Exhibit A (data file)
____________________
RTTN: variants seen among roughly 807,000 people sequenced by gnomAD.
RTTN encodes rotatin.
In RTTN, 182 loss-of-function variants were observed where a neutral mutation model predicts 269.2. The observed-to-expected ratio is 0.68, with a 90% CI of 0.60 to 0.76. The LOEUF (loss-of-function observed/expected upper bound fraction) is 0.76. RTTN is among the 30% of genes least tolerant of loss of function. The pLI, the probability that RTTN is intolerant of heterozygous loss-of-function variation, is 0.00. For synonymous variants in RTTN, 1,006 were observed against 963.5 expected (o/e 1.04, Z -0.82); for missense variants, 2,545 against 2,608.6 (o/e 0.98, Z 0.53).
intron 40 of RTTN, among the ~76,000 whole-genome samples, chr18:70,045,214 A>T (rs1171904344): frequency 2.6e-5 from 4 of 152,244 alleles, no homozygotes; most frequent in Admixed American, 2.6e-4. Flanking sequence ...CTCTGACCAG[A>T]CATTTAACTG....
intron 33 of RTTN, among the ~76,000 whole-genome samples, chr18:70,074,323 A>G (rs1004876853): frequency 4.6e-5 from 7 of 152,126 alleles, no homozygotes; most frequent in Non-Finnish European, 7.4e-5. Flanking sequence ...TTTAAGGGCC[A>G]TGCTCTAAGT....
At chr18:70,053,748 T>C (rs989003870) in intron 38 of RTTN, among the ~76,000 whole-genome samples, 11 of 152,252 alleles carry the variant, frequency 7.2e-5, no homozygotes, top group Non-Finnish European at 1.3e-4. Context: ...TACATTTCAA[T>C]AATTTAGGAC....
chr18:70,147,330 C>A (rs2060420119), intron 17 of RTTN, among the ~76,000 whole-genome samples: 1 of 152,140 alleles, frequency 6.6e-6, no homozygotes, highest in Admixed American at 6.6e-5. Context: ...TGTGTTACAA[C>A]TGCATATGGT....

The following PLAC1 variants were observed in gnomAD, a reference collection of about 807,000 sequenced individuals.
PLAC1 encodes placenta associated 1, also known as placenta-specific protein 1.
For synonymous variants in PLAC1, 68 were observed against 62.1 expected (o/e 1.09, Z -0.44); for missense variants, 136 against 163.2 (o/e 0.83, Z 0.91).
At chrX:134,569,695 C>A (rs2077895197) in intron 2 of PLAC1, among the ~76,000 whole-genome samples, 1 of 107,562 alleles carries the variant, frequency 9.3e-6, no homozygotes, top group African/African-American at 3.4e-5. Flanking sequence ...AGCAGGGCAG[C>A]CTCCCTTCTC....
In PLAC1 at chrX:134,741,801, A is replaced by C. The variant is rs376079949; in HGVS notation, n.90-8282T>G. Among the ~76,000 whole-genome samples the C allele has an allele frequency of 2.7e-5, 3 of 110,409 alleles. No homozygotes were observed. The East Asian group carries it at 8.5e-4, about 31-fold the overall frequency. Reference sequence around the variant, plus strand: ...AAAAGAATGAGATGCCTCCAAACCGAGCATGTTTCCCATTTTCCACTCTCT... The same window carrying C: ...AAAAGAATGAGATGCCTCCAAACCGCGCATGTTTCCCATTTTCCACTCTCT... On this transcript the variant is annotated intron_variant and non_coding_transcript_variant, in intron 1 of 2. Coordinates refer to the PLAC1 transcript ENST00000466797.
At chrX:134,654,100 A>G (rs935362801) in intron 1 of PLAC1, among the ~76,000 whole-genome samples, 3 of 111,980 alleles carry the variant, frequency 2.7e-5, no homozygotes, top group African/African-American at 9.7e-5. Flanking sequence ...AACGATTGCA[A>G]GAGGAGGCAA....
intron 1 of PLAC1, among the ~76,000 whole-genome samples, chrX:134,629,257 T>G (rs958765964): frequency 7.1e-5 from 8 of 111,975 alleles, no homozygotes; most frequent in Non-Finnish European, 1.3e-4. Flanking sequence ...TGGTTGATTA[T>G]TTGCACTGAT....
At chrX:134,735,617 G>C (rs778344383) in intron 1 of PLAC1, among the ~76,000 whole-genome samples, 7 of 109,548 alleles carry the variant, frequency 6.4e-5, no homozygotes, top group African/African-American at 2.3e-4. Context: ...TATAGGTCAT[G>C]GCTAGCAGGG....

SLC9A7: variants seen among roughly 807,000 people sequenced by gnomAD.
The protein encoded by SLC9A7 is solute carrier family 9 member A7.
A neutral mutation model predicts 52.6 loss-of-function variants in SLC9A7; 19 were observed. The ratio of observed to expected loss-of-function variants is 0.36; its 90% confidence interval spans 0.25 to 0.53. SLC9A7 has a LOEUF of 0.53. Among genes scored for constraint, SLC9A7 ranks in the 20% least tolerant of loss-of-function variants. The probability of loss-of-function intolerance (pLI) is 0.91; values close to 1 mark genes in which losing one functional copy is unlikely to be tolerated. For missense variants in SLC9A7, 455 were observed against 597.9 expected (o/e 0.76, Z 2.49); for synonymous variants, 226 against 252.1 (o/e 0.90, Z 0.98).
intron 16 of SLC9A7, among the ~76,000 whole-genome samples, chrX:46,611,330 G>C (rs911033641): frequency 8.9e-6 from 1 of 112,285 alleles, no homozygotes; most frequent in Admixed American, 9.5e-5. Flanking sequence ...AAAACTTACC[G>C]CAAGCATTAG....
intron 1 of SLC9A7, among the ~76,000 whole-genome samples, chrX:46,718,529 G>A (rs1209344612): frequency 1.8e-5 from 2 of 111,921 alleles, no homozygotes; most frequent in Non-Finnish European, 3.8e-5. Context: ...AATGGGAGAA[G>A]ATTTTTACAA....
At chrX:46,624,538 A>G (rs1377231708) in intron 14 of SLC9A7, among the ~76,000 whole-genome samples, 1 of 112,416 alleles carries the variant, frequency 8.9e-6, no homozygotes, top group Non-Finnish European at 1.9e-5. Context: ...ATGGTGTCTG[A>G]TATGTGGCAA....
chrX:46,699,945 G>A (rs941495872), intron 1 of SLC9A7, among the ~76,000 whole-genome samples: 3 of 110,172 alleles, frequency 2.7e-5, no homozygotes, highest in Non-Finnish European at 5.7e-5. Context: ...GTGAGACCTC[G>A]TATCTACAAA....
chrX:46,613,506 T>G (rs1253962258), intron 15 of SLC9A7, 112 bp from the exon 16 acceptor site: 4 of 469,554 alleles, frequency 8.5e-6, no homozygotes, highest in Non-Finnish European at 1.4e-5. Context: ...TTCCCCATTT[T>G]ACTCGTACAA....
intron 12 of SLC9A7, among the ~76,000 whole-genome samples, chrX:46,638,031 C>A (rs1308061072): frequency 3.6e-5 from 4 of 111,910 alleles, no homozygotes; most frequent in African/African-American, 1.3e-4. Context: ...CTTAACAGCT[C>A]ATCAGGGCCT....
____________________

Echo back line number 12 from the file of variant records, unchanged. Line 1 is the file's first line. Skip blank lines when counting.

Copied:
In PLAC1 at chrX:134,741,801, A is replaced by C. The variant is rs376079949; in HGVS notation, n.90-8282T>G. Among the ~76,000 whole-genome samples the C allele has an allele frequency of 2.7e-5, 3 of 110,409 alleles. No homozygotes were observed. The East Asian group carries it at 8.5e-4, about 31-fold the overall frequency. Reference sequence around the variant, plus strand: ...AAAAGAATGAGATGCCTCCAAACCGAGCATGTTTCCCATTTTCCACTCTCT... The same window carrying C: ...AAAAGAATGAGATGCCTCCAAACCGCGCATGTTTCCCATTTTCCACTCTCT... On this transcript the variant is annotated intron_variant and non_coding_transcript_variant, in intron 1 of 2. Coordinates refer to the PLAC1 transcript ENST00000466797.